Before I present the Python code, let's quickly introduce prime numbers. A prime number is a number than can only be divided by itself and 1. For example:

- 7 is a prime number since it can only by divided by either 1 and 7
- 6 is not a prime number since it can divided by 1,2,3,6

Now, let's pay tribute to the Greeks, and for this occasion, one in particular: Eratosthenes (276 BC – c. 195 BC). Eratosthenes is famous for its sieve, which is basically an algorithm to find prime numbers. The idea is very simple for our times but one has to marvel at the genius of having it more than 2000 years ago. His idea was for each number n, mark each number greater than n and dividable by n to be non-prime. So technically what the algorithm does, is for each number p > n, find the remainder of p/n, if the remainder is 0, then p is not a prime. Technically rather than testing every number, Eratosthenes sieve marks directly all the products of a given prime number as non-prime.

Python, what else ?

Here's the code to compute the prime numbers contained in the first 100,000 first natural numbers, it doesn't even take a second to complete. I'm making use of the matrix package Numpy previously introduced in my blog entry about fractals.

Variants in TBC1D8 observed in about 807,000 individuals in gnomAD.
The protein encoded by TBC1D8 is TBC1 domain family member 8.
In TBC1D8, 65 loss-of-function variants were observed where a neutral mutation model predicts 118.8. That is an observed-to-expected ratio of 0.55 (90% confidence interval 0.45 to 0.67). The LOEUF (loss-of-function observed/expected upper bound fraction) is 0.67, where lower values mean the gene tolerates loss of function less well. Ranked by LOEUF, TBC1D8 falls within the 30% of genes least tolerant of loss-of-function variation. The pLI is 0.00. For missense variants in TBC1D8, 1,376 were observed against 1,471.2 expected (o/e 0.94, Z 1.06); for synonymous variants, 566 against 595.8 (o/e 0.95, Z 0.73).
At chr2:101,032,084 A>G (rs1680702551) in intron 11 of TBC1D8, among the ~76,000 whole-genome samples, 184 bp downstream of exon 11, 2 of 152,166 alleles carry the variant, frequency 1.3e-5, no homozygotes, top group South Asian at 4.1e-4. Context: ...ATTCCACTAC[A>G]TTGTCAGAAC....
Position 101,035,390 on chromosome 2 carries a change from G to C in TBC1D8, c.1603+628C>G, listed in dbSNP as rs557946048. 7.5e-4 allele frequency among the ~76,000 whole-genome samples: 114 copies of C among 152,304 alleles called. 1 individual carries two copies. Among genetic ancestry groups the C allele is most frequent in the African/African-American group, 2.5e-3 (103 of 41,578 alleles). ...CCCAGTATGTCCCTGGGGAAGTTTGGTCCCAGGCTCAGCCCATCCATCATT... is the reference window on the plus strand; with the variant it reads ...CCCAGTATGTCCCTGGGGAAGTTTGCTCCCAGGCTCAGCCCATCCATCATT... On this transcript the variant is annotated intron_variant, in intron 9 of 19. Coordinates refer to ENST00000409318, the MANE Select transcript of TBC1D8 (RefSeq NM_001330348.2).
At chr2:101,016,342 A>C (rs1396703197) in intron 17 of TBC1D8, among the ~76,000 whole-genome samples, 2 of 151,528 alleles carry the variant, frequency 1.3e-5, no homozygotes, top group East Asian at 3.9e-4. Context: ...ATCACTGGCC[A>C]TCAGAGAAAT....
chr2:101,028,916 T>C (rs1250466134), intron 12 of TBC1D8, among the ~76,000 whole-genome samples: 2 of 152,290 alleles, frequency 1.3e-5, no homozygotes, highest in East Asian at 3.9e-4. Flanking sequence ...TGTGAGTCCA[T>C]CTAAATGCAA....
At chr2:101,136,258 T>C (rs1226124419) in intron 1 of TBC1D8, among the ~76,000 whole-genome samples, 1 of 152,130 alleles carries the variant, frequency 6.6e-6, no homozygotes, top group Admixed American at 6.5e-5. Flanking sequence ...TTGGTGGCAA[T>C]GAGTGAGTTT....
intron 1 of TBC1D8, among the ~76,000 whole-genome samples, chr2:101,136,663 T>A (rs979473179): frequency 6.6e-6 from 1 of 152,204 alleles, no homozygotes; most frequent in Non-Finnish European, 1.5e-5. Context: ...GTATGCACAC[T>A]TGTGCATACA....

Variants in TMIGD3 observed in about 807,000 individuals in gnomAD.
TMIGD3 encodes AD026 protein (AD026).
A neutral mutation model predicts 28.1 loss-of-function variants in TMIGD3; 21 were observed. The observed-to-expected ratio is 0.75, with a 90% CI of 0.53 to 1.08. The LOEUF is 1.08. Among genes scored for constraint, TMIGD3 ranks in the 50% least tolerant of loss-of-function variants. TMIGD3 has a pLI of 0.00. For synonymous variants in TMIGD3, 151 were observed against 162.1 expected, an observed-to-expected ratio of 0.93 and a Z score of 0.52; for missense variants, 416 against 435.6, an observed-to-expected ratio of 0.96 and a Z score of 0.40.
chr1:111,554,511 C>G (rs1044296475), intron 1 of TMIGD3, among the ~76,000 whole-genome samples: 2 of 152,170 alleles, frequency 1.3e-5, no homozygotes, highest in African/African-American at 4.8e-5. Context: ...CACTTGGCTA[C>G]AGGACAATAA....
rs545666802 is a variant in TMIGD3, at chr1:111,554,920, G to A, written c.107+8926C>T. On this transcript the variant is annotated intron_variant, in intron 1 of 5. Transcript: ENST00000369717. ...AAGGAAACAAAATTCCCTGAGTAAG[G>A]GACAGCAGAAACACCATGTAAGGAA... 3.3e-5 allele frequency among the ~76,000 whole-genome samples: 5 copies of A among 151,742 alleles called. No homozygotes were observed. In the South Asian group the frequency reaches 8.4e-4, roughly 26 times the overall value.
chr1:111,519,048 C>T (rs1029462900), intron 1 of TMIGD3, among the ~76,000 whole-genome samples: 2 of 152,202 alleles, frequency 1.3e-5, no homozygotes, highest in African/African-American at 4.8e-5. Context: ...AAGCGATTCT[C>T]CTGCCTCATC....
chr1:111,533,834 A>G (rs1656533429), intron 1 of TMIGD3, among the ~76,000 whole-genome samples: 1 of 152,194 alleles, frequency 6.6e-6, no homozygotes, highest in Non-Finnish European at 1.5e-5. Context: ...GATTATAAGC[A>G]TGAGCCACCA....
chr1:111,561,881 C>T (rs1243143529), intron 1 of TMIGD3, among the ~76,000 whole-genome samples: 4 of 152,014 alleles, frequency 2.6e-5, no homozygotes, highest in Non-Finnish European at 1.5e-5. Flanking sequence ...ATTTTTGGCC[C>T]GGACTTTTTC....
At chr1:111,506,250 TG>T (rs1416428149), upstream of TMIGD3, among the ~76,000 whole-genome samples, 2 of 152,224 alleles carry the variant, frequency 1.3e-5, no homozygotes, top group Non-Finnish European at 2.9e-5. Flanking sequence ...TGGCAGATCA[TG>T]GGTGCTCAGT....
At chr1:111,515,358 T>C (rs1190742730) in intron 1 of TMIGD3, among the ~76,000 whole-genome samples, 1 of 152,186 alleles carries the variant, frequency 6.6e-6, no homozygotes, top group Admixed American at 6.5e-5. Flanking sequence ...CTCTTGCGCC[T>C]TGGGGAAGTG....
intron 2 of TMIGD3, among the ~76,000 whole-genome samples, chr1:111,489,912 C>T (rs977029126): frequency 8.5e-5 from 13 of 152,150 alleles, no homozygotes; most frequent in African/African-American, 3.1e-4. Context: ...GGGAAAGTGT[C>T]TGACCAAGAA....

`import numpy as N`

pr = N.ones(100000,'bool') # Interval to search for primes

pr[0] = pr[1] = False

pr[4::2] = False

for x in xrange(3,len(pr),2):

if pr[x]: # If x is a prime

pr[::x] = False # Mark every x entry as 0 (non-prime)

pr[x] = True # Except the one for x

# Finally filter out zero entries

pr2 = pr.nonzero()[0]

Last but not least, here's a link for verifying big (and small) prime numbers: http://www.numberempire.com/primenumbers.php. This website can verify numbers up to $10^{128}$ which is much superior to any other website I visited.

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